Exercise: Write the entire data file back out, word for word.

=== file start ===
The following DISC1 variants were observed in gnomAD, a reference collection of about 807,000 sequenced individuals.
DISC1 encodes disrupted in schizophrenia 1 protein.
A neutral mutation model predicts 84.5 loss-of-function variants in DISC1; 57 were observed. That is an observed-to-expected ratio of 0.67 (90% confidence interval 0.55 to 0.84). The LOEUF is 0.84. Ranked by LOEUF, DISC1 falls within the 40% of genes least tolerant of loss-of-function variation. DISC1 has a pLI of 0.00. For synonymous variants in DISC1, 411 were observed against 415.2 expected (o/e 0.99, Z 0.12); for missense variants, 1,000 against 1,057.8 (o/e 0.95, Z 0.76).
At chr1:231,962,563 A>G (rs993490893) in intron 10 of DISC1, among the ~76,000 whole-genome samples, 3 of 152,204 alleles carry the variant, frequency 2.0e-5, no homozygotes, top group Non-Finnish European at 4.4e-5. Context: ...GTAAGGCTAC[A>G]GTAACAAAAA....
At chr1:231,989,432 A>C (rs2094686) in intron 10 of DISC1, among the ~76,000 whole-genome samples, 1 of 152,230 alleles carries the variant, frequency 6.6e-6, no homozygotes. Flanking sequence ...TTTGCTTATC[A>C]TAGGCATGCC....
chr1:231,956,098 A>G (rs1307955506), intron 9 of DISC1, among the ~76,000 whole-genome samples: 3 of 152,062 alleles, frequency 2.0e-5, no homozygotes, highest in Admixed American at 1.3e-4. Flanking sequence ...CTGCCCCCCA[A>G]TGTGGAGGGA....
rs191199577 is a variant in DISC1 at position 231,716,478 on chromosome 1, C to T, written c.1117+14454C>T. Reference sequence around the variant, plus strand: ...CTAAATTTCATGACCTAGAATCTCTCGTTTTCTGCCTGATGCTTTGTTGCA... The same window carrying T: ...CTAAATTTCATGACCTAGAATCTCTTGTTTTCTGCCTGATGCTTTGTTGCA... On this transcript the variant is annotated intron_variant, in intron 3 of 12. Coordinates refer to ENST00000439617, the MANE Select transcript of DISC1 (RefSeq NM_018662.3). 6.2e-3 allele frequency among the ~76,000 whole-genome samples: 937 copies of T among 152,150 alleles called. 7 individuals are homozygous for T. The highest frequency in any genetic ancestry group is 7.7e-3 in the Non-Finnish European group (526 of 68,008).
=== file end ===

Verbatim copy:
The following DISC1 variants were observed in gnomAD, a reference collection of about 807,000 sequenced individuals.
DISC1 encodes disrupted in schizophrenia 1 protein.
A neutral mutation model predicts 84.5 loss-of-function variants in DISC1; 57 were observed. That is an observed-to-expected ratio of 0.67 (90% confidence interval 0.55 to 0.84). The LOEUF is 0.84. Ranked by LOEUF, DISC1 falls within the 40% of genes least tolerant of loss-of-function variation. DISC1 has a pLI of 0.00. For synonymous variants in DISC1, 411 were observed against 415.2 expected (o/e 0.99, Z 0.12); for missense variants, 1,000 against 1,057.8 (o/e 0.95, Z 0.76).
At chr1:231,962,563 A>G (rs993490893) in intron 10 of DISC1, among the ~76,000 whole-genome samples, 3 of 152,204 alleles carry the variant, frequency 2.0e-5, no homozygotes, top group Non-Finnish European at 4.4e-5. Context: ...GTAAGGCTAC[A>G]GTAACAAAAA....
At chr1:231,989,432 A>C (rs2094686) in intron 10 of DISC1, among the ~76,000 whole-genome samples, 1 of 152,230 alleles carries the variant, frequency 6.6e-6, no homozygotes. Flanking sequence ...TTTGCTTATC[A>C]TAGGCATGCC....
chr1:231,956,098 A>G (rs1307955506), intron 9 of DISC1, among the ~76,000 whole-genome samples: 3 of 152,062 alleles, frequency 2.0e-5, no homozygotes, highest in Admixed American at 1.3e-4. Flanking sequence ...CTGCCCCCCA[A>G]TGTGGAGGGA....
rs191199577 is a variant in DISC1 at position 231,716,478 on chromosome 1, C to T, written c.1117+14454C>T. Reference sequence around the variant, plus strand: ...CTAAATTTCATGACCTAGAATCTCTCGTTTTCTGCCTGATGCTTTGTTGCA... The same window carrying T: ...CTAAATTTCATGACCTAGAATCTCTTGTTTTCTGCCTGATGCTTTGTTGCA... On this transcript the variant is annotated intron_variant, in intron 3 of 12. Coordinates refer to ENST00000439617, the MANE Select transcript of DISC1 (RefSeq NM_018662.3). 6.2e-3 allele frequency among the ~76,000 whole-genome samples: 937 copies of T among 152,150 alleles called. 7 individuals are homozygous for T. The highest frequency in any genetic ancestry group is 7.7e-3 in the Non-Finnish European group (526 of 68,008).